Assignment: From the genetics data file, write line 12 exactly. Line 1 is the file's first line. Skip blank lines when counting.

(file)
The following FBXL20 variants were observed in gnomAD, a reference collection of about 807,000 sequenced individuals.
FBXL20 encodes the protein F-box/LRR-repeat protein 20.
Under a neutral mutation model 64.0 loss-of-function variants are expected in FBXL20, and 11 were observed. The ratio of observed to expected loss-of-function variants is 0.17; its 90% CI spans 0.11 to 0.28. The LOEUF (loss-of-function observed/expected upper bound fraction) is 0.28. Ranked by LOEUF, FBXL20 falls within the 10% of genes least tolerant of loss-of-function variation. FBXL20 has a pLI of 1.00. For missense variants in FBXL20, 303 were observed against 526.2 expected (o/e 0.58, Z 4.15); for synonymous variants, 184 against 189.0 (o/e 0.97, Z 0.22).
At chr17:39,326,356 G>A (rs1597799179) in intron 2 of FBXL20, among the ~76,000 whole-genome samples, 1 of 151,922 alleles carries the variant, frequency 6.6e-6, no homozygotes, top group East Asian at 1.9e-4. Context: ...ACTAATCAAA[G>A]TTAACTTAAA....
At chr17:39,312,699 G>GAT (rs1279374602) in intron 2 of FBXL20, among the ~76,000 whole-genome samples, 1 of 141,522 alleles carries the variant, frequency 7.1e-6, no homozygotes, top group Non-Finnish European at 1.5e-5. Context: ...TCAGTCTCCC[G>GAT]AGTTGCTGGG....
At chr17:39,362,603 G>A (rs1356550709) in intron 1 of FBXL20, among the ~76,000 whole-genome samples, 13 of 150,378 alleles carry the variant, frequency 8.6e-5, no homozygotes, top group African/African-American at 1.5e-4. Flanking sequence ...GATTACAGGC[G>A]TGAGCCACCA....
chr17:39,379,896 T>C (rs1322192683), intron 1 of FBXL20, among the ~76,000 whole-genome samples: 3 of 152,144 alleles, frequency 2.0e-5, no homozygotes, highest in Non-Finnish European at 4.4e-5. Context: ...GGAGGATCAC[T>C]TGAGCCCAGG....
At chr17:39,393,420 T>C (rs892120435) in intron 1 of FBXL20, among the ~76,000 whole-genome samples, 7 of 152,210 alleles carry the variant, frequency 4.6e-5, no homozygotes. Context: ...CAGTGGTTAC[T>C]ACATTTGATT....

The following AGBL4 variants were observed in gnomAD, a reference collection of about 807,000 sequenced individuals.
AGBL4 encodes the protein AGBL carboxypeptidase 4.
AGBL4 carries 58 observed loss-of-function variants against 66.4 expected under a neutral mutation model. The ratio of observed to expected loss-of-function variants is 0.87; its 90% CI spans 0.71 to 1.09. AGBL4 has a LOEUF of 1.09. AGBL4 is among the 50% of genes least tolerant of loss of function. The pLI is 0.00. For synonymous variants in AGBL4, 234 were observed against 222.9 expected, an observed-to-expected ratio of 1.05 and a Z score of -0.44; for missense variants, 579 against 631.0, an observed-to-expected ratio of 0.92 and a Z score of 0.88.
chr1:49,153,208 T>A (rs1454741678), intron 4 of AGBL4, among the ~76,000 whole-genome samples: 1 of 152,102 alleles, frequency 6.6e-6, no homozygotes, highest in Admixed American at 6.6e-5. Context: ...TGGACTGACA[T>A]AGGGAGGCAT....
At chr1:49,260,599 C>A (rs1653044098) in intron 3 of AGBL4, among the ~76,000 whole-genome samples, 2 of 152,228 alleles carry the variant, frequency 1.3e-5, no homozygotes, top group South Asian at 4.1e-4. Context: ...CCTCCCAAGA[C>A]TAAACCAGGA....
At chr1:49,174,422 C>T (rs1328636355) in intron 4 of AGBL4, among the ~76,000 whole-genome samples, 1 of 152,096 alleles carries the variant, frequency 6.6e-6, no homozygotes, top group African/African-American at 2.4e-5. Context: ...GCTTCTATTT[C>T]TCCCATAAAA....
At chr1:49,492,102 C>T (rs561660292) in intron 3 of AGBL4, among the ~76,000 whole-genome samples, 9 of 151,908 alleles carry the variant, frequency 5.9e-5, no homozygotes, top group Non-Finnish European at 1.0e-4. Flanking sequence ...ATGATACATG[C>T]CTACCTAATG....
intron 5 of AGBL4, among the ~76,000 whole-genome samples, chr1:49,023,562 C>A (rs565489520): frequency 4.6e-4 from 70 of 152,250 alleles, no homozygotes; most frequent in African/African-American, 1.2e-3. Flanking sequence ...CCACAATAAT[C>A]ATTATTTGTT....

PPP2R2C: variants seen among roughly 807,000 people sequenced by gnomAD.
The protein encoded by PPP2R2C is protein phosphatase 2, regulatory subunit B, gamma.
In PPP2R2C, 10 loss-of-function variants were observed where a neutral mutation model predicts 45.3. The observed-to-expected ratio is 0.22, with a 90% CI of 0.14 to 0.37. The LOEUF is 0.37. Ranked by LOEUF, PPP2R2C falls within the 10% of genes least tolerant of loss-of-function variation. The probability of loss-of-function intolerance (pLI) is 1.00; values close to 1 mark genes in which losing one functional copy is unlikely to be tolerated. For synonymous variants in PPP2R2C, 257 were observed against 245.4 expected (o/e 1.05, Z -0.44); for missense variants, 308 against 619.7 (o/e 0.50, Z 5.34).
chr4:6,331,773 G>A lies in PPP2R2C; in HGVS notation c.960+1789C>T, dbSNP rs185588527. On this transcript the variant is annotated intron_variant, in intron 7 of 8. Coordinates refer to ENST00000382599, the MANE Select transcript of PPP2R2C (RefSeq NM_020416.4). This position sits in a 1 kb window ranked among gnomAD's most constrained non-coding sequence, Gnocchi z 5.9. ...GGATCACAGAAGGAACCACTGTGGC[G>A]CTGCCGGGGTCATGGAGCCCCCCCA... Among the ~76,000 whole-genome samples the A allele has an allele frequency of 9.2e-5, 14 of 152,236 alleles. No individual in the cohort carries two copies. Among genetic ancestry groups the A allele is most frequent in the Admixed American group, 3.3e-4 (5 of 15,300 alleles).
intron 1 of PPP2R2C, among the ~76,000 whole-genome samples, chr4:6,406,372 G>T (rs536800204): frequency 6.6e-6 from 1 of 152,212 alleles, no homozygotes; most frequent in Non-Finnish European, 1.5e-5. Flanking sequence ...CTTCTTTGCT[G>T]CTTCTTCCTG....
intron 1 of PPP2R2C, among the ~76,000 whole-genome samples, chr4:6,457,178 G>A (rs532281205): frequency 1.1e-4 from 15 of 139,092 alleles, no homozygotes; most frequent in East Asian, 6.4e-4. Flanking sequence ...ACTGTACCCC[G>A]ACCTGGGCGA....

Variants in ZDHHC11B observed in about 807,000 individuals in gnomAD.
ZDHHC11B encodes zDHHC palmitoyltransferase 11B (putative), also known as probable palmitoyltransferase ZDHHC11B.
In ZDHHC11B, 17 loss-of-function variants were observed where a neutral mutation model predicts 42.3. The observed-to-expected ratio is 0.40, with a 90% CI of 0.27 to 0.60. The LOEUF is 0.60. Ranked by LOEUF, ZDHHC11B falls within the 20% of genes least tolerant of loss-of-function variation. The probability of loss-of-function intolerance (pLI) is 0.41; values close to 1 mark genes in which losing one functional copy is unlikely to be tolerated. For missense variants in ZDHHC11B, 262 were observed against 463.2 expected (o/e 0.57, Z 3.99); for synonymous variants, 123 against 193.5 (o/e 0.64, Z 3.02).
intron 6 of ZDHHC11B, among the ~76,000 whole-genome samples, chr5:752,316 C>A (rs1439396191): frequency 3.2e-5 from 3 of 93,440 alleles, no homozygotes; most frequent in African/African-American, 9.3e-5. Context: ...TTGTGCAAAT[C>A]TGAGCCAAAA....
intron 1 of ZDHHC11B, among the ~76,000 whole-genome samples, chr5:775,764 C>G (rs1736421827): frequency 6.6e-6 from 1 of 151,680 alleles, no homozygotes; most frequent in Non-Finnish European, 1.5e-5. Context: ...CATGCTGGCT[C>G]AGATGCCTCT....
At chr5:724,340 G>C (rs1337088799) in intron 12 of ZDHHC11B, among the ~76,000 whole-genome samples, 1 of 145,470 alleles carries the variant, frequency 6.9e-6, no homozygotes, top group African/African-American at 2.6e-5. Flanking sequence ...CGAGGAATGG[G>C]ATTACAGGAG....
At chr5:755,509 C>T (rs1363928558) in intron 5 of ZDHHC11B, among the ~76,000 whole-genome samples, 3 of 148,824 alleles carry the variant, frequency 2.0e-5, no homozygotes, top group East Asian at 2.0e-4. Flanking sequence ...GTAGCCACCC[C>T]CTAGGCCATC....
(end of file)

chr1:49,153,208 T>A (rs1454741678), intron 4 of AGBL4, among the ~76,000 whole-genome samples: 1 of 152,102 alleles, frequency 6.6e-6, no homozygotes, highest in Admixed American at 6.6e-5. Context: ...TGGACTGACA[T>A]AGGGAGGCAT....